Friday, February 22, 2008

Picks of the Week: February 17 - 23, 2008

Website of the Week -- Center for Association Leadership

The Center for Association Leadership, founded by the Greater Washington Society of Association Executives (GWSAE), is an organization of people, resources and ideas focused on the future of associations. The site offers an extensive array of programs, knowledge resources and community networks including a Knowledge Resource section where you'll find association case studies, models and samples, articles and whitepapers, book reviews, the Ten Cool Ideas collection and expert recommendations covering all aspects of association management. Go to:

Publication of the Week -- Giving Back: Connecting You, Business, and Community by Peter Economy and Bert Berkley

From the Publisher: There is something exciting happening in businesses across the country. More business-people and more companies than ever are participating in charitable activities and are learning that giving back is not a slogan—it is a way of doing business and a way of life. Giving Back reveals how fundamental and lasting changes are being accomplished in communities and highlights highly effective organizations from a number of major metropolitan areas, including, Horizons for Homeless Children, the Annie E. Casey Foundation, LINC, Stonyfield Farm Profits for the Planet, and many more. You will be inspired by the stories, anecdotes, personal observations, experience, and advice of visionary leaders in business, including:

• Roger Brown and Linda Mason, cofounders of Bright Horizons Family Solutions
• S. Truett Cathy, founder and Chairman, Chick-fil-A®, Inc.
• Matt Flannery, cofounder of
• Gary Hirshberg, Chairman, President, and CEO of Stonyfield Farm
• Kent C. (Oz) Nelson, retired chairman and CEO of United Parcel Service

In each case, you will discover the positive benefits of becoming personally involved in your community and of affiliating your business with charities and nonprofits. These benefits include an increase in your bottom line and in your employees' morale, as well as a boost to your company's brand and reputation—all through giving back.

Trend of the Week -- Civic Engagement Among Minority Youth

A report from the CIRCLE (The Center for Information and Research on Civic Learning and Engagement) authored by Karlo Barrios Marcelo, Mark Hugo Lopez, and Emily Hoban Kirby summarizes trends in civic engagement among minority youth. Minority youth are engaged in a wide variety of civic activities. Recent research suggests that there are differences in the nature and degree of civic engagement among young people by race and ethnicity. This research generally finds that African-American youth are among the most engaged politically, and Asian-American youth are among the most engaged in civic activities such as volunteering. In contrast, most work has found that young Latinos often lag behind every other group on traditional measures of engagement, especially in voting and volunteering. However, Latino youth are highly engaged in other ways, such as protesting. The report utilized data from the 2006 Civic and Political Health of the Nation Survey, and several other sources. Go to:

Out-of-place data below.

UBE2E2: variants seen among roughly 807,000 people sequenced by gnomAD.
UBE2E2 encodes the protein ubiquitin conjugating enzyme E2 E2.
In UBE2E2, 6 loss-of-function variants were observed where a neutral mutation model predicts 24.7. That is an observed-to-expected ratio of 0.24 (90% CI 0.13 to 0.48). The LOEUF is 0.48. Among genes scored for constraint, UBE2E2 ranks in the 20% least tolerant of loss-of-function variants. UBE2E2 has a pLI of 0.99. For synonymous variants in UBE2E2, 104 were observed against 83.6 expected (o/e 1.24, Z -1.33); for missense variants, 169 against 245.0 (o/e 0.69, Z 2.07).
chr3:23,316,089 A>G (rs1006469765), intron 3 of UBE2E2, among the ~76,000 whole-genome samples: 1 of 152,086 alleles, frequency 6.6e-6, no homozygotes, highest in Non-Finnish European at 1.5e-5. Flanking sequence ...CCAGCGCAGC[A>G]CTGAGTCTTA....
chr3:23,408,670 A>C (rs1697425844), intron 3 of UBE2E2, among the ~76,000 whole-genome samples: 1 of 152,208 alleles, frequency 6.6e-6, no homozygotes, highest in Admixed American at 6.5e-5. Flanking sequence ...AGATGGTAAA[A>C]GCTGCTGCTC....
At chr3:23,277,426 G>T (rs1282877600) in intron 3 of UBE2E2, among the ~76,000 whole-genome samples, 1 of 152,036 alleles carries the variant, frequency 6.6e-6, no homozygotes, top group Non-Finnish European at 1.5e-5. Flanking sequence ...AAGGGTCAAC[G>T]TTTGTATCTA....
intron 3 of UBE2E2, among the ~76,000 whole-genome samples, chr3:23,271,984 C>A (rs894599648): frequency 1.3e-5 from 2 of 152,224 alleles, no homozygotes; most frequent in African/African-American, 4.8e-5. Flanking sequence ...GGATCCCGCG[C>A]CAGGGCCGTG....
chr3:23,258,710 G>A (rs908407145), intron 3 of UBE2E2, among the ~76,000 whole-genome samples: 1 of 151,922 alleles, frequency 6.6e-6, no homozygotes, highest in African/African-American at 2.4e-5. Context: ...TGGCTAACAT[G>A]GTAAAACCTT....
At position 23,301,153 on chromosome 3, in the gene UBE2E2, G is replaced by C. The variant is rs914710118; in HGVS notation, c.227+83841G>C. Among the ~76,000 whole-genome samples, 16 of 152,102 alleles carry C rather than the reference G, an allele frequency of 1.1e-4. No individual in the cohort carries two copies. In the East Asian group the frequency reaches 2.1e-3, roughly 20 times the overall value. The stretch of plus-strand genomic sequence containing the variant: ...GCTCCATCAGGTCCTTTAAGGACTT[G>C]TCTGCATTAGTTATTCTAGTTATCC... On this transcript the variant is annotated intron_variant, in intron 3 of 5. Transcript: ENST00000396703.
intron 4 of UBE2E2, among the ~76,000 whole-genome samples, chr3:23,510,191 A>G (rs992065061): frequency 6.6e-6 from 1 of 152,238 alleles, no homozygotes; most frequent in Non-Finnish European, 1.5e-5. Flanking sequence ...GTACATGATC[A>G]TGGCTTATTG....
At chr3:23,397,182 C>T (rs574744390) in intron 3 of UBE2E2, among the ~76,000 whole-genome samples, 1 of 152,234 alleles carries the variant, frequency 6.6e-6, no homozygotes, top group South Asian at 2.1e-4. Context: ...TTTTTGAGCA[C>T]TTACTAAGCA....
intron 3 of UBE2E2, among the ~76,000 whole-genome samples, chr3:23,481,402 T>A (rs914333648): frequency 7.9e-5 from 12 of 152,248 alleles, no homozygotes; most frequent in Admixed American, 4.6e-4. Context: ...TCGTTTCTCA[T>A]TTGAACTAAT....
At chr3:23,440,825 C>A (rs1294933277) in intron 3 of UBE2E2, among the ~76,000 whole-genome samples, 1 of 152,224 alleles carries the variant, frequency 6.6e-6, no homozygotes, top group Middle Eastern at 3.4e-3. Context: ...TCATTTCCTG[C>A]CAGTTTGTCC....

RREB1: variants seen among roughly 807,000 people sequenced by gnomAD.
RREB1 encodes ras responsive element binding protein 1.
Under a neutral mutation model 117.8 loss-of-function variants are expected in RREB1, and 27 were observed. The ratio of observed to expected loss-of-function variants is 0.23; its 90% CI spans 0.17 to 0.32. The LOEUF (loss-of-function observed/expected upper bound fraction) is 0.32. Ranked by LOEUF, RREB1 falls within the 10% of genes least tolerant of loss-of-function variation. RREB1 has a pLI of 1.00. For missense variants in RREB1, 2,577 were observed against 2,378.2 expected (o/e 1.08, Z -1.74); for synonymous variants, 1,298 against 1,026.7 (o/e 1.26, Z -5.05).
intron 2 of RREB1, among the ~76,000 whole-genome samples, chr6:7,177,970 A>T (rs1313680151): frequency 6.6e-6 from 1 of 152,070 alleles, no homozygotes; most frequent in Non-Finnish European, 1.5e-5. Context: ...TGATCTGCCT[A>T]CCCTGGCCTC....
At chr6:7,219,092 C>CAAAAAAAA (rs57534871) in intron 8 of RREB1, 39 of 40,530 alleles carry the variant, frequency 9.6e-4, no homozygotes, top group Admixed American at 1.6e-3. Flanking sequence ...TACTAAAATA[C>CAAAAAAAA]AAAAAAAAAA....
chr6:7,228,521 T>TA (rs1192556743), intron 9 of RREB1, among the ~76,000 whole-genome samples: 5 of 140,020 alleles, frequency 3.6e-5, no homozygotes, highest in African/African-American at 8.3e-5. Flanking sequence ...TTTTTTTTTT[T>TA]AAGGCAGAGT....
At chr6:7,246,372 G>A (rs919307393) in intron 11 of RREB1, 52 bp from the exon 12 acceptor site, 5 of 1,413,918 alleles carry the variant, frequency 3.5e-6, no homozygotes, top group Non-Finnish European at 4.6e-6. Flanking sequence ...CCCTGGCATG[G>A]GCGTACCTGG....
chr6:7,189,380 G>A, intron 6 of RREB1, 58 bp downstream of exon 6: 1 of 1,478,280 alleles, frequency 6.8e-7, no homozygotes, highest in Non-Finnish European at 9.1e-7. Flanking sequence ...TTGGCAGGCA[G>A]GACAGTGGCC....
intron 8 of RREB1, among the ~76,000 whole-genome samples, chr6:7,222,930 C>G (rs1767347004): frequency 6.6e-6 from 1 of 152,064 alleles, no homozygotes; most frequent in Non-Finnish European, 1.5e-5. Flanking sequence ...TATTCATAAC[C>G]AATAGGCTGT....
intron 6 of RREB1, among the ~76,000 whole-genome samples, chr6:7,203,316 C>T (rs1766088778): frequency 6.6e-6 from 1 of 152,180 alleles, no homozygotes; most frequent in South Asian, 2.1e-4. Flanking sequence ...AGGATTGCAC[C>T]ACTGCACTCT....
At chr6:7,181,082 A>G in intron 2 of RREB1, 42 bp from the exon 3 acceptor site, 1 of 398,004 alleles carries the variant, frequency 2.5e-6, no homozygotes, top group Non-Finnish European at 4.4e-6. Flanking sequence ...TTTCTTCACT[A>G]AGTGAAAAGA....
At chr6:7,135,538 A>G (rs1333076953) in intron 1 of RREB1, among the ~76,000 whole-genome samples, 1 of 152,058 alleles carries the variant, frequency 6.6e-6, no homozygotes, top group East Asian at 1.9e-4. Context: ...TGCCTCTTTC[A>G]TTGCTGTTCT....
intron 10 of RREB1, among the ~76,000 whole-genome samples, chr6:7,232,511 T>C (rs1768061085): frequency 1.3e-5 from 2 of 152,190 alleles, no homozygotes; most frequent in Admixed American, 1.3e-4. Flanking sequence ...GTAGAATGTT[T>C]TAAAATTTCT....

Resource of the Week -- Planned Giving: A Board Member’s Perspective

The purpose of this resource is to provide board members with an overview of the fundamentals of planned giving. Board members are critical to the success of a planned giving initiative, as they often can help set the stage with donors and support the staff in executing agreements. In fluid economic times, with volatile stock markets and income streams making unexpected swings, more organizations may rely on planned giving programs for meeting their financial goals. The need for maintaining and increasing the endowment ranks high on the agenda of most organizations. Few programs support this objective of long-term financial stability more effectively than planned gifts. Go to:

Tech Tip of the Week -- Total Data in an Excel 2007 Table

New in Excel 2007, you can now total the data in a Microsoft Office Excel table by displaying a totals row at the end of the table. Here's how:

• Click anywhere in the table to display the Table Tools Design tab
• Click the Design tab
• In the Table Style Options group, select the Total Row check box
• In the total row, click the cell in the column you want to calculate a total for
• Click the drop-down list arrow that appears
• In the drop-down list, select the function you want to use to calculate the total

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